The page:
The politics of a Kurdish Icon
Leyla Zana is one of the most respected Kurdish political figures. She has been a symbol of the Kurdish struggle for freedom and rights since she was first elected as an MP. She has always been a very popular figure both at home and abroad for her charismatic personality, which turned her into a political icon. She has always been independent-minded and respected as such.
Nevertheless, her public call of support for Prime Minister Erdoğan in her recent interview (Hürriyet, June 14) created a lot of controversy. She explained that she had invested all her hopes in Erdoğan to solve the Kurdish question, as he is powerful enough to do so. The initial reaction of BDP President Selahattin Demirtaş was mild but critical, as he stated that “it is naivity to expect Erdoğan to solve the Kurdish question.” The Kurdish opposition has always been very cautious about the possibility of division among its ranks, yet it is not difficult to guess that Zana’s latest move created serious disturbances for the BDP. Besides, the fact that Zana is getting praise from pro-government circles will only reinforce skepticism, as well as the division of hearts and minds among the ranks of the Kurdish opposition.
Zana must have thought that it was the right time to differentiate herself from the BDP to play a major role in Kurdish politics, since there are signs of international momentum for political negotiations. It is true that she has the domestic and international credentials to be involved in such a process. Nevertheless, she has not been wise enough to avoid playing the narcissistic role of the “politics of an icon” and instead play a sensible role of mediating among the many actors of Kurdish politics.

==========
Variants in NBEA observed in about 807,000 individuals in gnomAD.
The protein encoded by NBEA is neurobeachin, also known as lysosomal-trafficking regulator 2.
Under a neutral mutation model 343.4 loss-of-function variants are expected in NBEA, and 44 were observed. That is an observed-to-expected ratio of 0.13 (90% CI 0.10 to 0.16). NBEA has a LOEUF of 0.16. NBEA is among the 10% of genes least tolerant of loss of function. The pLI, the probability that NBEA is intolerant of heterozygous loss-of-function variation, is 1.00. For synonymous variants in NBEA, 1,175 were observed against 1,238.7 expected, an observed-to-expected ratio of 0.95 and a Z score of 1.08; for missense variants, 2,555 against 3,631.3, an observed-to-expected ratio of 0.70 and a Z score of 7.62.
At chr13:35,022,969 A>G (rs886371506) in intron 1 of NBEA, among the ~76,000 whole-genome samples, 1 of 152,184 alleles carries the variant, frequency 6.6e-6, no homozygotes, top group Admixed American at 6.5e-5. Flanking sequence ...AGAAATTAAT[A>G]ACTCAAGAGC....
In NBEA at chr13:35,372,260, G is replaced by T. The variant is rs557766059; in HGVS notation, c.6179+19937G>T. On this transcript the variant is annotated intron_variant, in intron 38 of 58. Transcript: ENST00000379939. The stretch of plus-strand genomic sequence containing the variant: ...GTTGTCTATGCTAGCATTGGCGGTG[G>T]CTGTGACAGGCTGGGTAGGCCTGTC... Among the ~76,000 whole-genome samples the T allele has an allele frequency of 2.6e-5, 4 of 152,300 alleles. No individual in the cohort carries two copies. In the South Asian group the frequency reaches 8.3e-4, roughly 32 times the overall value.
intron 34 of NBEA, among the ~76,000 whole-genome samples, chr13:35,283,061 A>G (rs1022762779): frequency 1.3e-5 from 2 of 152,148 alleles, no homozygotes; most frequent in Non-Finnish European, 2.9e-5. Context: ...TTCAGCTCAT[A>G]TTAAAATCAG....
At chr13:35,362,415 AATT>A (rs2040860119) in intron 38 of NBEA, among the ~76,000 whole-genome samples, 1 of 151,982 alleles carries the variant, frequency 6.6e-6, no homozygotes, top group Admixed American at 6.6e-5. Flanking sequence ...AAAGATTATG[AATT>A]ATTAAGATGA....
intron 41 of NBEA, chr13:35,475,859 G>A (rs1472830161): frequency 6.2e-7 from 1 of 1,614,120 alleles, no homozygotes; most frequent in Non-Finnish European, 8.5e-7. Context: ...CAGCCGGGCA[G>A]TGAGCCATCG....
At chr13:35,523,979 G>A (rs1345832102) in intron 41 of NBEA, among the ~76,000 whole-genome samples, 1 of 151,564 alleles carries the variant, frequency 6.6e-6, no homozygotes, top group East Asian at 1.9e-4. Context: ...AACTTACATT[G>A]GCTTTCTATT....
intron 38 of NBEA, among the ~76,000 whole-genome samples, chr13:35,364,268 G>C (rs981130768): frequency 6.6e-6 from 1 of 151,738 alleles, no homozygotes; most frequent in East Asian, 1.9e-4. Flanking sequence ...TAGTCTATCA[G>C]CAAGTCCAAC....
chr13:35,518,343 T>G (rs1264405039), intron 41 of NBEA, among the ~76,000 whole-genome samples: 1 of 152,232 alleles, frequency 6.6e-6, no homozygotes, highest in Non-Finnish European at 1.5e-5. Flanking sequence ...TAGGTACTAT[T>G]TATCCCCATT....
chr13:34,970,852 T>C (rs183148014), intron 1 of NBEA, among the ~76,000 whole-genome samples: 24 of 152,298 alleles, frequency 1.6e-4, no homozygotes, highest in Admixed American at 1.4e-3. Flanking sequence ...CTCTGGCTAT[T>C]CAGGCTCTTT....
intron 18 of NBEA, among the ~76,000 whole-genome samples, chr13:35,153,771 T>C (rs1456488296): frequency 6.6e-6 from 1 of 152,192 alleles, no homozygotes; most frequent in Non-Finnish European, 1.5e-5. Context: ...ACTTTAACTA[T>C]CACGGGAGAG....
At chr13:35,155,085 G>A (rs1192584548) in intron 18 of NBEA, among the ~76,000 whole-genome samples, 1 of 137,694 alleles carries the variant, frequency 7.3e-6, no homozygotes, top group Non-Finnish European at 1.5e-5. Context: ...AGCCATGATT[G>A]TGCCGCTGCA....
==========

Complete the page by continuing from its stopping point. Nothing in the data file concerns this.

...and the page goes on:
Political icons can play important roles under such circumstances (like the present political circumstances in Turkey) only if they manage to overcome the shortcomings of political clichés and confrontations, without losing credibility. Unfortunately, Zana fails to overcome the cliché definition of “an independent mind” that is critical of both the government and the opposition. Besides, she proves that her “wisdom” is rather shallow, as she has fallen into the trap of being over critical of the BDP while trying to ensure her credibility in the eyes of non-BDP actors of all sorts.
Finally, her criticism of the BDP is neither convincing nor fair, since in the name of criticism she mostly repeats the discourse of the BDP’s opponents. She implies that the BDP is alienated from Kurdish society and realities, which is also an oppostion cliché of the BDP. She states that “BDP MPs are Kurds in mind, as Kurdish AKP MPs are Kurds at heart.” I wonder how she explains the silence of Kurdish AKP MPs who could not even protest the Uludere incident, despite their “Kurdish hearts.” Finally, her criticisms of the BDP’s radical-populist discourse are quite self-contradictory for someone who was calling on Kurds to “vote for the guerillas” only a year ago.
In short, it would be wiser for Zana to play a comparatively independent role to try to convince the BDP of the need for peaceful negotiations, without risking alienating or dividing it. Nevertheless, such a role requires more political skill and less ego. Unfortunately, political icons often fail the test of the times of political turbulence.